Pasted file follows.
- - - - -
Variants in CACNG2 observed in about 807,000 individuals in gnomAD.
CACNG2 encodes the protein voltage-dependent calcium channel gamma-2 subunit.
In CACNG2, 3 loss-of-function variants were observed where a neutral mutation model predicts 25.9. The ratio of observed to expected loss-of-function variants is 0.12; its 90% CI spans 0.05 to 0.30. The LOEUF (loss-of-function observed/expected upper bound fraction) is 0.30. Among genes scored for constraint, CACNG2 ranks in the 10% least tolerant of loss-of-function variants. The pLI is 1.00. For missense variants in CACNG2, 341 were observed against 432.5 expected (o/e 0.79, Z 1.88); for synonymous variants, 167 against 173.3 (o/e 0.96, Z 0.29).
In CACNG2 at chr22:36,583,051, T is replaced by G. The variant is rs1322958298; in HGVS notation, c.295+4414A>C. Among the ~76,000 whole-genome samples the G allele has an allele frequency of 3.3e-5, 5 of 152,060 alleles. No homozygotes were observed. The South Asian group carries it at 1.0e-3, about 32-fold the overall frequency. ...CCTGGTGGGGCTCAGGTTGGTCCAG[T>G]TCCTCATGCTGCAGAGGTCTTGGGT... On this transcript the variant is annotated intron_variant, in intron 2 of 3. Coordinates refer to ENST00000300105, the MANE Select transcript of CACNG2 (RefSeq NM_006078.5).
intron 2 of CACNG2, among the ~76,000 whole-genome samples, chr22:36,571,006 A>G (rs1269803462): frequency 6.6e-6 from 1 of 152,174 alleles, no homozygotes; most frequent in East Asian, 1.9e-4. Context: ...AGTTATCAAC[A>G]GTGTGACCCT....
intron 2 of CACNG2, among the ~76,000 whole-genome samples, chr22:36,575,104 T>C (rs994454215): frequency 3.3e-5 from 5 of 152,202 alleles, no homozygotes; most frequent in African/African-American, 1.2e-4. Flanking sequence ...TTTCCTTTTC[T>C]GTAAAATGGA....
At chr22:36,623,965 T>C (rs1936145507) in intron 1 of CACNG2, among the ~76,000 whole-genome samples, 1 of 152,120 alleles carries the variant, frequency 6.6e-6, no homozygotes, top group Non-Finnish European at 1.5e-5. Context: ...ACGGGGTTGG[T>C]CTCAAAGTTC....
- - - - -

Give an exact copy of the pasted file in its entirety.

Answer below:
Variants in CACNG2 observed in about 807,000 individuals in gnomAD.
CACNG2 encodes the protein voltage-dependent calcium channel gamma-2 subunit.
In CACNG2, 3 loss-of-function variants were observed where a neutral mutation model predicts 25.9. The ratio of observed to expected loss-of-function variants is 0.12; its 90% CI spans 0.05 to 0.30. The LOEUF (loss-of-function observed/expected upper bound fraction) is 0.30. Among genes scored for constraint, CACNG2 ranks in the 10% least tolerant of loss-of-function variants. The pLI is 1.00. For missense variants in CACNG2, 341 were observed against 432.5 expected (o/e 0.79, Z 1.88); for synonymous variants, 167 against 173.3 (o/e 0.96, Z 0.29).
In CACNG2 at chr22:36,583,051, T is replaced by G. The variant is rs1322958298; in HGVS notation, c.295+4414A>C. Among the ~76,000 whole-genome samples the G allele has an allele frequency of 3.3e-5, 5 of 152,060 alleles. No homozygotes were observed. The South Asian group carries it at 1.0e-3, about 32-fold the overall frequency. ...CCTGGTGGGGCTCAGGTTGGTCCAG[T>G]TCCTCATGCTGCAGAGGTCTTGGGT... On this transcript the variant is annotated intron_variant, in intron 2 of 3. Coordinates refer to ENST00000300105, the MANE Select transcript of CACNG2 (RefSeq NM_006078.5).
intron 2 of CACNG2, among the ~76,000 whole-genome samples, chr22:36,571,006 A>G (rs1269803462): frequency 6.6e-6 from 1 of 152,174 alleles, no homozygotes; most frequent in East Asian, 1.9e-4. Context: ...AGTTATCAAC[A>G]GTGTGACCCT....
intron 2 of CACNG2, among the ~76,000 whole-genome samples, chr22:36,575,104 T>C (rs994454215): frequency 3.3e-5 from 5 of 152,202 alleles, no homozygotes; most frequent in African/African-American, 1.2e-4. Flanking sequence ...TTTCCTTTTC[T>C]GTAAAATGGA....
At chr22:36,623,965 T>C (rs1936145507) in intron 1 of CACNG2, among the ~76,000 whole-genome samples, 1 of 152,120 alleles carries the variant, frequency 6.6e-6, no homozygotes, top group Non-Finnish European at 1.5e-5. Context: ...ACGGGGTTGG[T>C]CTCAAAGTTC....